As the residents of Newtown, Connecticut and the nation attempt to carry on in the wake of last week’s abhorrent shooting at Sandy Hook Elementary School, many Americans are understandably searching for some small scrap of hope and humanity among the ruins of the violence. Whether the tragedy prompts a long overdue strengthening of the country’s lax gun laws remains to be seen. But there is another societal change we need to make as well.
We need to end the war against teachers.
Indeed, the media’s coverage of the six slain teachers—the youngest of whom was 27-year-old first-grade teacher, Victoria Soto--represents a curious shift in the press’s typical treatment of teachers. Certainly, there is no question the teachers are heroes. They valiantly gave their lives protecting their young students.
Unfortunately, prior to the Newtown shooting it was quite rare to read the words “teachers” and “heroes” in the same sentence in the average U.S. newspaper. Instead, one was more likely to see “teachers” paired with words like “bad,” “unskilled,” “moochers,” “parasites,” and “Cadillac pensions.” Just three months ago striking teachers in Chicago were lambasted as “greedy,” and “indifferent towards students.” In fact, the New York Times’ Joe Nocera falsely claimed the teachers were striking to “maintain the status quo,” with regards to teacher tenure and termination laws. Untrue.
As blogger David Lindorff writes in a recent post (Counterpunch.org, 12/17/2012):
How many of the politicians in Washington and in state capitals and how many conservative think-tank “researchers” who attack teachers as leeches and drones would have shown such heroism under fire? My guess is damned few—if any. Yet… not one teacher in that unionized school fled the scene and abandoned the children to their fate. They all stuck with their kids.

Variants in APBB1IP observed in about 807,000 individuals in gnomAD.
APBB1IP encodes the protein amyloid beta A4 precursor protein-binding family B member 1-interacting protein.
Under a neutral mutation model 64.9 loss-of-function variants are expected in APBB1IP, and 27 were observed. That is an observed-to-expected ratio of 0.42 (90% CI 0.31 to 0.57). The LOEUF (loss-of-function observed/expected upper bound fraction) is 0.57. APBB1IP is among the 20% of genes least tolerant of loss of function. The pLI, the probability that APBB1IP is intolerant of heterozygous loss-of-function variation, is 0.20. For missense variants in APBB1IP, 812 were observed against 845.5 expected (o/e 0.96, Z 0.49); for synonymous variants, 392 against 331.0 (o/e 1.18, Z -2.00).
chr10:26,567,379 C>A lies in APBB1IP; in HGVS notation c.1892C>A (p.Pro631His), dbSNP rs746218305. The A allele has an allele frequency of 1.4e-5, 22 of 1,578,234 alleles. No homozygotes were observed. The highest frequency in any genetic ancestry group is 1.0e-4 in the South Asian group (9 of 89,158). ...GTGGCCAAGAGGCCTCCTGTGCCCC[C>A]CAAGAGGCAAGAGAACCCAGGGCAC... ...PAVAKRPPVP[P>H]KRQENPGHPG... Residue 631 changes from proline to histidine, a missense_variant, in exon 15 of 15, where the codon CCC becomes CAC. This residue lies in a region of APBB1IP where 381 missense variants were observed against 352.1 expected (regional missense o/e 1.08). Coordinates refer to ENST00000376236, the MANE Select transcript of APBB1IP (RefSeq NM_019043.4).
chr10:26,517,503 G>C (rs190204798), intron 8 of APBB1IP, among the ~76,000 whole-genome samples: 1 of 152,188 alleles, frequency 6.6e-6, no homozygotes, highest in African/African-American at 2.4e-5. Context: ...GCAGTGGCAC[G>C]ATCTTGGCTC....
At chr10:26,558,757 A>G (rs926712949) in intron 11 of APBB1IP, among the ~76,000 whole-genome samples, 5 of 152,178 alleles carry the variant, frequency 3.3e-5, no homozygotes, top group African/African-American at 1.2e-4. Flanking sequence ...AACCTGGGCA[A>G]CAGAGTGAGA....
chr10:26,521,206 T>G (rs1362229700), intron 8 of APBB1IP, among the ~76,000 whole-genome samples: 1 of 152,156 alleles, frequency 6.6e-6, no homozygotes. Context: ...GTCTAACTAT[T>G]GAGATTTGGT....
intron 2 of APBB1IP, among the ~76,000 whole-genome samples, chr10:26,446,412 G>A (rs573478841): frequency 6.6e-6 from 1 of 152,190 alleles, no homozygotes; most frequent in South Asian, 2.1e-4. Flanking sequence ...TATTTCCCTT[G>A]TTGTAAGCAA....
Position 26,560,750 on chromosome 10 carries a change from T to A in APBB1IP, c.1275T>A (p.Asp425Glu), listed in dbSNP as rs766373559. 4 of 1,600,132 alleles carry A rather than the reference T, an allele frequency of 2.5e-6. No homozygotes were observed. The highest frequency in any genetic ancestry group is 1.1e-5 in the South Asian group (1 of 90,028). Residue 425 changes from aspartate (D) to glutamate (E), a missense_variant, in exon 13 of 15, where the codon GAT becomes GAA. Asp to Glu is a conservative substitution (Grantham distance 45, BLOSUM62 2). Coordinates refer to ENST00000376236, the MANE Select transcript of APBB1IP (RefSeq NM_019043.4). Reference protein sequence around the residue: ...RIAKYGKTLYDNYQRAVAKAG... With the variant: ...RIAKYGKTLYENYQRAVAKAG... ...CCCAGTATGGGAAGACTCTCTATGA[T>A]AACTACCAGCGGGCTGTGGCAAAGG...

Since the start of the recession teachers have become the country’s collective punching-bag. Union-hating right-wingers baselessly accuse them of causing the economic crash with their “Cadillac-sized pensions,” and union benefits. There have been many efforts to weed out “bad teachers”--so designated because their students scored poorly on the rigid standardized tests that have become the benchmark of education in the wake of “No Child Left Behind.” And states are rapidly adopting new measures to carefully monitor teachers at all times. (Yet there is no talk of monitoring the Wall Street bankers who actually trashed the economy through their fraudulent and illegal practices. Where, I wonder, is the effort to weed out the “bad bankers”?)
Things are not much better at the college-level, where even tenured professors must endure the juvenile criticisms of students on the end-of-semester course evaluation forms they are forced to distribute. (The forms are ostensibly designed to record students’ overall evaluation of the course itself, but they inevitably turn into scathing personal attacks of the professor.) And do I even need to mention the abject immaturity (not to mention sexism) of the website, RateMyProfessor.com?
Suffice to say, teaching is not easy work. And contrary to popular belief—or the snide mantra, “Those who can’t do, teach,”—teaching is work. A ton of work, in fact.